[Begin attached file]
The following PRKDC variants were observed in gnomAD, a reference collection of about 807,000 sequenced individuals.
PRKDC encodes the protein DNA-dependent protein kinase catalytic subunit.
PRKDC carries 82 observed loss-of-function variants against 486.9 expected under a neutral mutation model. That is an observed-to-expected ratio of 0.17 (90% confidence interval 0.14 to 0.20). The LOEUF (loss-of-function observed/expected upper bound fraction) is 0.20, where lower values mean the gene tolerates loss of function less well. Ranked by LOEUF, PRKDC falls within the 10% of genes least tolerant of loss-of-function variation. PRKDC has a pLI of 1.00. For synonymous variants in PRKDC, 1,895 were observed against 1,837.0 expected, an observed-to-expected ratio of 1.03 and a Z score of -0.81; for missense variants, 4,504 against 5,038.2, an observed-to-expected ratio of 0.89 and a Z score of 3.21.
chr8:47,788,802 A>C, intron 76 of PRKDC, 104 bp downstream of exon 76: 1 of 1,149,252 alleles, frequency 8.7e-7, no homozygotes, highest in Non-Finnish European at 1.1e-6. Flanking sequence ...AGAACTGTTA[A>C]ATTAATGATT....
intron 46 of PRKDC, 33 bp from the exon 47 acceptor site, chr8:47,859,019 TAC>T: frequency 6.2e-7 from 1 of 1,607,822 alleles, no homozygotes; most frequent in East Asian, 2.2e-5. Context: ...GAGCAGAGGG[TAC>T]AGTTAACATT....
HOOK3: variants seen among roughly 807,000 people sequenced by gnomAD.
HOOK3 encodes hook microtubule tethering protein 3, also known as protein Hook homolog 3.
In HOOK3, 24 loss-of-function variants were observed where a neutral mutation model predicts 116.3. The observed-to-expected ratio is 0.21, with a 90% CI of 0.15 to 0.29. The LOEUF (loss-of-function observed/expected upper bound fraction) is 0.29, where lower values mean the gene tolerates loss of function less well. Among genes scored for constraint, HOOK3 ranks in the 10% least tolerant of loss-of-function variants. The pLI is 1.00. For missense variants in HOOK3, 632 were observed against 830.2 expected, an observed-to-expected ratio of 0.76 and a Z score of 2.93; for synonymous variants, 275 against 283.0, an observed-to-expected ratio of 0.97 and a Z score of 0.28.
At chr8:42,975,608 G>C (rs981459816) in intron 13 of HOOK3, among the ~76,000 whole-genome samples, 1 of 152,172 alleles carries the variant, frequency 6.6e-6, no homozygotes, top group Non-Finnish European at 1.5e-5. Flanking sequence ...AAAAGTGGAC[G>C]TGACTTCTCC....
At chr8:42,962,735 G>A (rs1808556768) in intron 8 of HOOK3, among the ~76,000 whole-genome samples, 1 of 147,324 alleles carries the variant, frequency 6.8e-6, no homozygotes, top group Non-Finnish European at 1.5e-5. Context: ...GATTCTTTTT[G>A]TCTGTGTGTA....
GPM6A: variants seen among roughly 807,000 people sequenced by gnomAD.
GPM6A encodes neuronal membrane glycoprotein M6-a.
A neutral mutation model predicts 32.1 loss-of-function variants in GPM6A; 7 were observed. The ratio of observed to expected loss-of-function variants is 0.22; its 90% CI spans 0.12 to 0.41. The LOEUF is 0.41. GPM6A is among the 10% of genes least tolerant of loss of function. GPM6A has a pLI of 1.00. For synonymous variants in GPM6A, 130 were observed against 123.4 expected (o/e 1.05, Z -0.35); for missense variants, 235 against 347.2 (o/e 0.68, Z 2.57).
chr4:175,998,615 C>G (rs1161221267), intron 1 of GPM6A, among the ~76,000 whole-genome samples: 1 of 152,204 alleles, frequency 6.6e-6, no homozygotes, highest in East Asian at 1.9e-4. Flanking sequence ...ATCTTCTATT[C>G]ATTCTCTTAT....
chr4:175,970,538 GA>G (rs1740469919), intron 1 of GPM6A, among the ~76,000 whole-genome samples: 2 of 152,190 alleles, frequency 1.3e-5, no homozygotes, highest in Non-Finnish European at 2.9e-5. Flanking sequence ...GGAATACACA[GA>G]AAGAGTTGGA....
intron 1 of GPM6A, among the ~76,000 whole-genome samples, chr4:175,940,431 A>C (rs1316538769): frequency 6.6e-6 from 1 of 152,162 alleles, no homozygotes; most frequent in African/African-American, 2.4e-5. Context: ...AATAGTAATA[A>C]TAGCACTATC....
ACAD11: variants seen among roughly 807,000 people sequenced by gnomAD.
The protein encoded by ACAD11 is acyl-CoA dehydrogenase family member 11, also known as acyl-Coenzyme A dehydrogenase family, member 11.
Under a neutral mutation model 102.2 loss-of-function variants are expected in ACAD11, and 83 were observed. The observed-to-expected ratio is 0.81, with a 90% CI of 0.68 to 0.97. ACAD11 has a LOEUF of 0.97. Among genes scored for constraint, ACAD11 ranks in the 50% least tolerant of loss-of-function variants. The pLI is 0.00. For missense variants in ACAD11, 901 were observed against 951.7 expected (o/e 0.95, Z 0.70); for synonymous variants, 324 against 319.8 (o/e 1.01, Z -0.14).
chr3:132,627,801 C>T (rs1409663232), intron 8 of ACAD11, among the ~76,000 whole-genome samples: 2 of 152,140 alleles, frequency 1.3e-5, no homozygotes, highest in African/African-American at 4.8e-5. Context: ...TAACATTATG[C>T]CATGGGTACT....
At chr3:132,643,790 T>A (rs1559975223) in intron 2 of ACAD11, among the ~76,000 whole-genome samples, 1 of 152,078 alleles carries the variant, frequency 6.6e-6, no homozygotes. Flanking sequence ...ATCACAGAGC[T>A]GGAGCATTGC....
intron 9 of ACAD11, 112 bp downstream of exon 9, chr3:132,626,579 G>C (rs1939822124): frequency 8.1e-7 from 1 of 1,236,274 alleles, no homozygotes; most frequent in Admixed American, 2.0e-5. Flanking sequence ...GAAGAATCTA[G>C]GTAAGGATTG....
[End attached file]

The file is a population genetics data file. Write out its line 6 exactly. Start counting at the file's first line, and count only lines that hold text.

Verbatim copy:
HOOK3: variants seen among roughly 807,000 people sequenced by gnomAD.